A thoughtful character-based approach to leadership. “This world desperately needs leaders who aren’t afraid of the discomfort that is required of leadership and will do the gnarly job of putting the needs of others first, not their own selfish interests.” Continue reading →
A great little interview that shreds some good light on how diversity is different from inclusion. “While diversity is certainly linked to inclusion, organizations can be diverse and not inclusive.” Continue reading →
Today’s guest post is from Dennis N.T. Perkins, author of Into the Storm: Lessons in Teamwork from the Treacherous Sydney to Hobart Ocean Race, CEO of Syncretics Group, a consulting firm dedicated to helping leaders and teams thrive under conditions of adversity, uncertainty, and change. A graduate of the United States Naval Academy at Annapolis, he successfully completed his first Sydney Hobart Race in 2006.
Imagine navigating a tiny boat through a sudden, violent storm at sea — with winds roaring at nearly 100 mph and waves soaring to 80 feet — to not only survive, but triumph over formidable competitors in one of the world’s toughest ocean races. Continue reading →
The BIG team loves Joseph calling out leaders for not doing things that should be a normal part of their job: failing to address organizational fiefdoms, not focusing on active efforts to create behavior change, and confusing talk with influence. Continue reading →
It’s the weekly department staff meeting, and your boss just recognized a colleague for her innovative idea to improve customer service. Her public praise brought a round of applause from your colleagues.
You can’t applaud because you feel like you’ve just been hit by lightning — that idea was yours! Continue reading →
Today’s guest post is from Margaret Seidler, a nationally recognized Organization Development consultant, master trainer, and author based in Charleston, SC. As one of only twelve certified Polarity Management Masters in North America, central to Margaret’s work is Polarity Management®, a set of principles and method to guide people in tapping the power of “both/and” thinking for better, more sustainable results.
After a 360° assessment that was, shall we say, less than stellar, I looked for a magic bullet to improve my leadership abilities.
What made a pivotal difference and accelerated my own abilities was discovering Polarity Thinking — a set of principles and a mapping tool introduced by Dr. Barry Johnson in 1975. I found polarity thinking a straightforward way to both document my wisdom and to shine a light on my blind spots. Continue reading →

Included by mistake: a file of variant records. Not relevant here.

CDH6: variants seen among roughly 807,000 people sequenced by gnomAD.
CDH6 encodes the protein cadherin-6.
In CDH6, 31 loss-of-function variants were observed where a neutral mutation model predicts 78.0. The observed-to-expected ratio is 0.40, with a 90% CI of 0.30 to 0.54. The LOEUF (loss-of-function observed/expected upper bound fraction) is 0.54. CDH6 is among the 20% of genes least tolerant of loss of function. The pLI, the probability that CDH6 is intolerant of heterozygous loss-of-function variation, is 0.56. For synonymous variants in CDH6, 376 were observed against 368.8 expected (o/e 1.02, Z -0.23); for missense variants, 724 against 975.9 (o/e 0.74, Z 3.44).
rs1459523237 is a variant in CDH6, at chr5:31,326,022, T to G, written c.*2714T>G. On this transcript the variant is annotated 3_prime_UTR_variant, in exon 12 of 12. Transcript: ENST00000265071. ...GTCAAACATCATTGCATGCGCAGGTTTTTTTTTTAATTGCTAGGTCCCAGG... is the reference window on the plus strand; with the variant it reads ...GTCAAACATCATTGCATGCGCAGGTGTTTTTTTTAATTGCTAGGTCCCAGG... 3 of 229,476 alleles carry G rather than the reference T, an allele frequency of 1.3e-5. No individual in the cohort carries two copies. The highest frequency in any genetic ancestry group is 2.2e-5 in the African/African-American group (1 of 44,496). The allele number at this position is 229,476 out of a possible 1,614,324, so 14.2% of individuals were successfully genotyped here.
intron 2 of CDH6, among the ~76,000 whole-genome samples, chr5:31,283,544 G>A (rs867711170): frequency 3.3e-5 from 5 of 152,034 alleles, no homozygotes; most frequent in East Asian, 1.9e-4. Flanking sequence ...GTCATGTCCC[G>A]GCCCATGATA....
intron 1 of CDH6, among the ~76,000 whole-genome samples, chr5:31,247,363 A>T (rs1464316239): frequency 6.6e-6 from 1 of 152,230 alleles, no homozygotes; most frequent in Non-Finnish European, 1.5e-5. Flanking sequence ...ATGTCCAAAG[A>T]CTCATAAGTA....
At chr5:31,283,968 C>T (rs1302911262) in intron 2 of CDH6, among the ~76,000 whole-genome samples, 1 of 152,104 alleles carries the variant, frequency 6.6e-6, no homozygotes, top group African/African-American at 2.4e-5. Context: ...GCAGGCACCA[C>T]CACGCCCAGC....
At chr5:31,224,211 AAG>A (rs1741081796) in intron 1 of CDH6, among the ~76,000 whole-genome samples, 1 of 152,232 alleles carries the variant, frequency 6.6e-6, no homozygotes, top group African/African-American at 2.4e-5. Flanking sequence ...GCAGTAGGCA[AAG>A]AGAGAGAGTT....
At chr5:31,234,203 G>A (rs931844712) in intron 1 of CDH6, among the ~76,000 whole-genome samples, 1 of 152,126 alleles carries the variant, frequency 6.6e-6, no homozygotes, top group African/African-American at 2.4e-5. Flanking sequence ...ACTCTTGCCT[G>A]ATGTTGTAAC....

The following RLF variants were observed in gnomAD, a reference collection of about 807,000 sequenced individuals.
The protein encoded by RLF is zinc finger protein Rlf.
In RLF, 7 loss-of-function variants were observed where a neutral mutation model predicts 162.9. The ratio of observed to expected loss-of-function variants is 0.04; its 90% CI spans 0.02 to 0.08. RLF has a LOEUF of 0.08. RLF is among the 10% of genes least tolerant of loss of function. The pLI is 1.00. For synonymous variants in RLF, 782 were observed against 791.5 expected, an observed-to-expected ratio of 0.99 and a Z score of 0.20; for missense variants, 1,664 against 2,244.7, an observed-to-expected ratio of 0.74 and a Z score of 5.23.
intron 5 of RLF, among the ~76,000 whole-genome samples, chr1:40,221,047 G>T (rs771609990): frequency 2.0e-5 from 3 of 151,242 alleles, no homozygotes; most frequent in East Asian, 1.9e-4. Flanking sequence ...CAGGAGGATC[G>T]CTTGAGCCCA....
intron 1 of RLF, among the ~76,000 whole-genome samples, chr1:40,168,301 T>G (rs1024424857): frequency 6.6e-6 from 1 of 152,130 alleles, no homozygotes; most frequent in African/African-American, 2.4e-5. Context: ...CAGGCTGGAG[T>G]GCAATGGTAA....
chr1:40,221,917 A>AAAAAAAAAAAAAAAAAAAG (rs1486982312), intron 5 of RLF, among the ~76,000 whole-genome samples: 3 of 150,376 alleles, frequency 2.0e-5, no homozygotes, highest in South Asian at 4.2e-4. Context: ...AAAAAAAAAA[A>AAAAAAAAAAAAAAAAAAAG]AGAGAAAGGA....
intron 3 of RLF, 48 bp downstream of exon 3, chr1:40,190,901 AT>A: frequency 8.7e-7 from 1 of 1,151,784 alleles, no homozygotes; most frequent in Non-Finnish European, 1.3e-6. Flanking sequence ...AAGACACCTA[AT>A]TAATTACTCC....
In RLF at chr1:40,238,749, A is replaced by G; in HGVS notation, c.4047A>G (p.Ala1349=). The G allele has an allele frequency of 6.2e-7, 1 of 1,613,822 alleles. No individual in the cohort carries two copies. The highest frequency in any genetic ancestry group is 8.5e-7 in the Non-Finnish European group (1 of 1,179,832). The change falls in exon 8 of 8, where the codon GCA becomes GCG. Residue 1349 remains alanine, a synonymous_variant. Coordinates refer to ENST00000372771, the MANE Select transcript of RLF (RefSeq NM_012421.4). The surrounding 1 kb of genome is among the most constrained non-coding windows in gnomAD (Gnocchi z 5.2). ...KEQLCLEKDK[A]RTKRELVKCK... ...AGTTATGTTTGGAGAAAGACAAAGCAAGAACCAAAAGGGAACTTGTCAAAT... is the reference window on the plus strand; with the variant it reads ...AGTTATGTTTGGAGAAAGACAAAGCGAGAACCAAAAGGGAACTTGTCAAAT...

A March 2012 DDI study “Leadership Lessons from the People Who Matter” reports 40% of respondents say their boss has never damaged their self-esteem. Only 40% with no damage? Yikes, that means 60% of respondents have had their self-esteem — their sense personal worth and competence — damaged by their boss. How disturbing.
In a business world where the fast forward button seems perpetually stuck and performance demands are ever-increasing, leaders can get caught in the quicksand of focusing on results, results and more results. Have you noticed morale dropping? Turnover increasing? People doing just enough to meet minimum requirements? Fewer and fewer smiles in the hallways? Continue reading →
The team at BIG was drawn to “glass half-full” leadership topics this week: happiness, being a positive leadership role model, going for it, resiliency, and making things better. Soak it up and pay it forward!
“Happiness pays off. Happiness at work is catching – and when the boss is happy, it’s downright infectious. If you, the person in charge, seem unhappy, you dampen the mood of everyone else in the company.” The BIG team says go for it! Continue reading →
What is wrong with us?! Have we lost our bloody minds?
As leaders, we’ve worked long and hard to stamp out overt bias in the workplace. Then we fawn like star-struck finders of the holy leadership grail over a ridiculous Wharton School study revealing baldness to be a business advantage for males. Talk about replacing overt stereotypes with covert ones! Continue reading →